A portion of the state’s coast will be closed for commercial Dungeness crab fishing due to high levels of domoic acid found in the area, California Department of Fish and Wildlife officials announced Tuesday, a week before the commercial Dungeness crab season is set to begin.
With the commercial Dungeness crab season starting on Nov. 15, the CDFW has decided to close the coast between Point Reyes in Marin County and the Sonoma/Mendocino county line for the fishery.
CDFW officials have also closed the commercial rock crab fishery for the coast north of Pigeon Point in San Mateo County.
The closure announcement comes after crabs recently collected in the mentioned areas were tested and showed elevated levels of domoic acid, according to CDFW officials.
High levels of the neurotoxin were blamed for crab fishery closures from Santa Barbara to the Oregon state line last year, which lasted through March and caused millions of dollars in lost revenue for fishermen.
An algal bloom off of the Pacific Coast promotes the high levels of the neurotoxin, which accumulate in the crabmeat, making it unsafe for human consumption.
“Given the very difficult season endured by commercial crabbers and their families last year, we were hopeful to open all areas on time this year,” CDFW Director Charlton Bonham said in a statement. “Fortunately domoic acid levels are much lower than this time last year and despite this action we are optimistic we will still be able to have a good season.”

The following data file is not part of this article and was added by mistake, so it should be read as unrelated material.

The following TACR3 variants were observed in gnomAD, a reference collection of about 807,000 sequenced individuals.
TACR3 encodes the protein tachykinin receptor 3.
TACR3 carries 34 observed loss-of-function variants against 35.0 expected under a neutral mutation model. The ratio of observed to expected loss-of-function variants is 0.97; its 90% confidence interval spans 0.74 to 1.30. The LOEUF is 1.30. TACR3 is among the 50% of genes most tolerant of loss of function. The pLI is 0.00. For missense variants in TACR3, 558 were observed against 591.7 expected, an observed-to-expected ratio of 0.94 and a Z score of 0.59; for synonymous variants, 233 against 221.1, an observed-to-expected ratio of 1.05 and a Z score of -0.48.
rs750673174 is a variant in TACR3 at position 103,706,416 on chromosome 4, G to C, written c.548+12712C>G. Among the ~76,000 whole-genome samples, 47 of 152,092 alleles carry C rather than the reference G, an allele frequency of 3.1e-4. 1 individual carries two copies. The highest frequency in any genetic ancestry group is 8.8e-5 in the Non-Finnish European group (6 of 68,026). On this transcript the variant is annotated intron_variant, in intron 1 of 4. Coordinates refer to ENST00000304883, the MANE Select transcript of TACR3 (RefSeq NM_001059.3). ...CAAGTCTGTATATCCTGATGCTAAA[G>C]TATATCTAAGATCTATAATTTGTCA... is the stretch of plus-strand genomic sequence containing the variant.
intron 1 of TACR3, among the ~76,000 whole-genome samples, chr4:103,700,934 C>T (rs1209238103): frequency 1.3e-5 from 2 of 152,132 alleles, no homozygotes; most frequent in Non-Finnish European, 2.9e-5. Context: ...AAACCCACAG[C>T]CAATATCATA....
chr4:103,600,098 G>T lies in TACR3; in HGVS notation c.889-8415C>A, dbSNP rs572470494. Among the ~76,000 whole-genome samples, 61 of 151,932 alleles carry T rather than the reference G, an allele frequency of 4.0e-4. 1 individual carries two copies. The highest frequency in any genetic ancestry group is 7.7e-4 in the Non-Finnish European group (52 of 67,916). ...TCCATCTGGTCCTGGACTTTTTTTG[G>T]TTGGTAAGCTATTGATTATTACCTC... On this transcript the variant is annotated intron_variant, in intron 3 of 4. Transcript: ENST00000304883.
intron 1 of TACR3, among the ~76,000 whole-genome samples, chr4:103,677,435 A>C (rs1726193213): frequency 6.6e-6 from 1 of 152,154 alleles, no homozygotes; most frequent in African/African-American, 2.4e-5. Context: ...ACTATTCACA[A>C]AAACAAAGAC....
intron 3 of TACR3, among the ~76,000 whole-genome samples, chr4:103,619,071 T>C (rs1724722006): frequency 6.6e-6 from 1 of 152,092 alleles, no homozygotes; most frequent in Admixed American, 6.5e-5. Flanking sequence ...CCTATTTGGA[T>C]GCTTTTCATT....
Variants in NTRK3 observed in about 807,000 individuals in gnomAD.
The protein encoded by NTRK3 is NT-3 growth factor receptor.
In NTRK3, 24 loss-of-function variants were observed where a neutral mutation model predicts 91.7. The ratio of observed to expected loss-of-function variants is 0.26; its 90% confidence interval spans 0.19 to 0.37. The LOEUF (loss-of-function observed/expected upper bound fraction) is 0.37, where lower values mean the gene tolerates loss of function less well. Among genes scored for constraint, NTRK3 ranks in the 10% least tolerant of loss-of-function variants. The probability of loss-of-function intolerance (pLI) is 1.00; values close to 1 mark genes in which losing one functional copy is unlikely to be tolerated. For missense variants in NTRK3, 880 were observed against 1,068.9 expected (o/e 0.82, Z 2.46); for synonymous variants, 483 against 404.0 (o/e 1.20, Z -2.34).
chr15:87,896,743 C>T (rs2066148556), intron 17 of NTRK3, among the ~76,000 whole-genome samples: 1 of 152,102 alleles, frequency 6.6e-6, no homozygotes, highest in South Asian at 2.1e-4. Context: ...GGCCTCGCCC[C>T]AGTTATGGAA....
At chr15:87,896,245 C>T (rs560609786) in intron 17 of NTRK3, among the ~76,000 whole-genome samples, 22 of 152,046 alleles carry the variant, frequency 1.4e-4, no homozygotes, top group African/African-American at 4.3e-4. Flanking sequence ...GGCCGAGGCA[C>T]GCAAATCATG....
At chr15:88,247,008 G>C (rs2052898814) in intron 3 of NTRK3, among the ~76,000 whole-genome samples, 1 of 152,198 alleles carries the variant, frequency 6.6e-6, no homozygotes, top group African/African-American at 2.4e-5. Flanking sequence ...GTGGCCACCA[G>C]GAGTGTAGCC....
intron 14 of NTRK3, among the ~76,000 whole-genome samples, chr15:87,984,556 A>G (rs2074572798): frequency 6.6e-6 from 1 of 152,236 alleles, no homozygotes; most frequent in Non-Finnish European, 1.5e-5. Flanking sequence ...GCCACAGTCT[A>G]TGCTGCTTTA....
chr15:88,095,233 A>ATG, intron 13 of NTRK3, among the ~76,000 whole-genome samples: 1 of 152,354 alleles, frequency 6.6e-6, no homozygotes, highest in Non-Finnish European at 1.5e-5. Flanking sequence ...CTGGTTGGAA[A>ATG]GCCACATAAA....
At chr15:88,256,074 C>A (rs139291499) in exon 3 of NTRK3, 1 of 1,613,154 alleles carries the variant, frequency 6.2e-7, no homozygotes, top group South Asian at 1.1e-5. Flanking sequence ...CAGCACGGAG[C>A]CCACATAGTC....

The closures of the mentioned areas will remain in effect until the California Department of Public Health and the state’s Office of Environmental Health Hazard Assessment determines that domoic acid levels no longer pose a significant threat. The CDFW will continue to test domoic acid levels in crabs to determine when the fisheries can be opened safely, according to CDFW officials.
While the neurotoxin is creating a holdup in the commercial Dungeness crab season, the recreational Dungeness crab season opened Saturday with no closures in effect.
The recreational season’s opening however came with a warning from the CDPH, advising recreational crab consumers not to eat the viscera of the Dungeness crab caught north of Point Reyes. The crab’s viscera, or internal organs also known as butter or guts, may contain much higher levels of domoic acid than the crab’s body, CDFW officials said.
Also Tuesday, the U.S. Coast Guard began their annual safety checks ahead of the upcoming season, checking crab vessels for required lifesaving equipment, pot-loading practices affecting stability and vessel watertight integrity, according to Coast Guard officials.
The checks, which will go through Thursday, are made in an attempt to reduce casualties connected to crab-fishing. Vessels found with serious safety discrepancies can be restricted from operating, Coast Guard officials said.